The Affordable Care Act – a.k.a. “Obamacare’ – has figured prominently in the recent election. On top of well-publicized technical shortcomings the program has been presented as an attempt to replace the U.S. “free market” health care system with “socialized medicine”.

The accusation is not fully accurate.

First, the United States already has a variety of “medical systems”: the fully government-run Veterans Administration; two hybrid single-payer systems, Medicare and Medicaid; a variety of private insurance plans, often provided by the employer; “Obamacare”; and finally a purely cash-for-service form of care often preferred by the young and healthy as well as by the very rich.

Second, the single-payer (government controlled) arrangements in place in dozens of countries from Belgium and Germany to Japan and Taiwan are not “socialist”, but a variety of hybrids combining private health care delivery by doctors and hospitals with government financing and pricing. They are generally well-accepted by the populations concerned, an acceptance grounded in two main factors:

  • The programs were generally developed through collaboration of all stakeholders: patient advocates, doctors, hospitals, government and medical industry representatives.
  • Great attention was paid to ease of use, price controls, incentives and internal efficiency. Systems were thoroughly explained and tested before rollout.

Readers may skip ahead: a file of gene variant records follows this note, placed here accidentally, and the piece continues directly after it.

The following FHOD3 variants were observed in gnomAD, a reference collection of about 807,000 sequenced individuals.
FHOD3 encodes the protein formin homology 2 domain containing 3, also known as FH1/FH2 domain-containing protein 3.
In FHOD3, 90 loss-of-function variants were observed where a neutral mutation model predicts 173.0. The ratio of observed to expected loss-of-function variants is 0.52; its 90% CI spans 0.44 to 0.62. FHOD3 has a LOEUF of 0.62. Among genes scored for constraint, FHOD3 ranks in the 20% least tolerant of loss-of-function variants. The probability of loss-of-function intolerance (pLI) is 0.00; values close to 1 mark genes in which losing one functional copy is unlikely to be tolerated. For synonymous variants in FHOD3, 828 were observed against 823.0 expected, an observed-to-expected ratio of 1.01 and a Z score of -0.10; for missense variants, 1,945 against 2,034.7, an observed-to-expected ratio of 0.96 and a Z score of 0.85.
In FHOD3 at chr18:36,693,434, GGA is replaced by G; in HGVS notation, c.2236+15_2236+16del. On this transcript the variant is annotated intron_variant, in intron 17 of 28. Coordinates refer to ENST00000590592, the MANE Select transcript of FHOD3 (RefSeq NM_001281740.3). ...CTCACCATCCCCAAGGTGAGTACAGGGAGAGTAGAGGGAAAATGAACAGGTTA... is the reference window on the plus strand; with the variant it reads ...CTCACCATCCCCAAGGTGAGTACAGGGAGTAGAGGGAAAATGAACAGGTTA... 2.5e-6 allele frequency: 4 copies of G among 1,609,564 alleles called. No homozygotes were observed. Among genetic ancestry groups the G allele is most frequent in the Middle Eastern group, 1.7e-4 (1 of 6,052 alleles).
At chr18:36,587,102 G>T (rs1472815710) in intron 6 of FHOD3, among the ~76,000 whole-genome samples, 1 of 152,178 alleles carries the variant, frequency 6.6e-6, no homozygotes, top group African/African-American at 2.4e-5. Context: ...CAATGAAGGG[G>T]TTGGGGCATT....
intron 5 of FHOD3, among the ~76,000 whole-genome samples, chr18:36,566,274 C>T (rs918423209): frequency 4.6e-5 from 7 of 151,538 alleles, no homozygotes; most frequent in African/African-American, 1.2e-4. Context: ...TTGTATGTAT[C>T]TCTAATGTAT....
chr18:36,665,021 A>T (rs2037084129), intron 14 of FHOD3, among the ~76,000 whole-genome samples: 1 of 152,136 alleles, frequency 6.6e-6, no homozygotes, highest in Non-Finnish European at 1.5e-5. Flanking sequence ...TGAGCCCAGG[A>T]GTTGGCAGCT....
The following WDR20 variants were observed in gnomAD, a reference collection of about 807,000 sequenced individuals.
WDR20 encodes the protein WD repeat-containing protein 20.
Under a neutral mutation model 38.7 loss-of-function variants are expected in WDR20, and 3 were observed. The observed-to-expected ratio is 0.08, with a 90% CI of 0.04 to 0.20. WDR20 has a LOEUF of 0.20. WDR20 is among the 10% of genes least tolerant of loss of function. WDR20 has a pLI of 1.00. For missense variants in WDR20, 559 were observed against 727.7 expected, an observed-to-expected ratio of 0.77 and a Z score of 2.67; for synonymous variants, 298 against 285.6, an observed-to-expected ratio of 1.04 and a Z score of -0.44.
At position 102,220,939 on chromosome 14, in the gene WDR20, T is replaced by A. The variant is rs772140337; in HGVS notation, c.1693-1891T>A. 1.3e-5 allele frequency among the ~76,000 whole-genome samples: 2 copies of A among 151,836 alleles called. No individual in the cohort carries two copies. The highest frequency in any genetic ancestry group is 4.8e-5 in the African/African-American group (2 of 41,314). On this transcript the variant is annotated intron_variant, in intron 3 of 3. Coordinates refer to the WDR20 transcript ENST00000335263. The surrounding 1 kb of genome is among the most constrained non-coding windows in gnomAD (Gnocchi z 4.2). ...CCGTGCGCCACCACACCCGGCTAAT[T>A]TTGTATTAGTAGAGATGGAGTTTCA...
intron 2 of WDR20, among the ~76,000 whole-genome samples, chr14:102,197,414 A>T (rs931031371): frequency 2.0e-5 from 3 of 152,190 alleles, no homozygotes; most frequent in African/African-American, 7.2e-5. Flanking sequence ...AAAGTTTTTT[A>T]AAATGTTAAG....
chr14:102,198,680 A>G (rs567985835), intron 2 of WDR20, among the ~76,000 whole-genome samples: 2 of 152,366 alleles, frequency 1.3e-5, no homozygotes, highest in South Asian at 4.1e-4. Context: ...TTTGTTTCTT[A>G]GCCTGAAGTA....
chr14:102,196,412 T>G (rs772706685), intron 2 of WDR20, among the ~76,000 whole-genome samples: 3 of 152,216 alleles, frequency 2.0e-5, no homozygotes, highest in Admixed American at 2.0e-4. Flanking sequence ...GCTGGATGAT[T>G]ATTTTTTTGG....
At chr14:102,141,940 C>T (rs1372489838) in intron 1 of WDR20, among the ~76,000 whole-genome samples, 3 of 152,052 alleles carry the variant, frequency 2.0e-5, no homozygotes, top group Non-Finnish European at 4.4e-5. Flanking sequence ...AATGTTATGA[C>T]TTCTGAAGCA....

With these benefits go important drawbacks:

  • While these systems cover many medical conditions, including the most common ones, they do not cover everything. There is always some degree of rationing as well as inertia in dealing with new challenges.
  • Most such systems were introduced during the post-WW II period of rapid economic growth. As growth slows, the population ages and new medical technology raises costs, the systems tend to run deficits and become less affordable over time.

Based on the experience of the many nations who have adopted single-payer systems, these have shown to be workable as well as popular, provided that design and implementation were done carefully and allowed broad input from all involved. In the specific case of the United States further issues are introduced by the great variety of care delivery systems already in place and the differences in health care approaches between States.

The basic question thus arises:  Are the United States – in terms of geography, population, culture and technology – a suitable ground for the introduction of a national (single payer) health care system? If not, how do we fix the current complicated situation?

The first issue is the sheer size of the U.S. population. In centralized systems, administration costs tend to increase with size, while efficiency and flexibility tend to diminish. A single national health care system for 320 million participants might be too unwieldy to function effectively.

Second comes the current care cost level, which is far higher here than in most other countries. A system based on current cost levels could be unaffordable.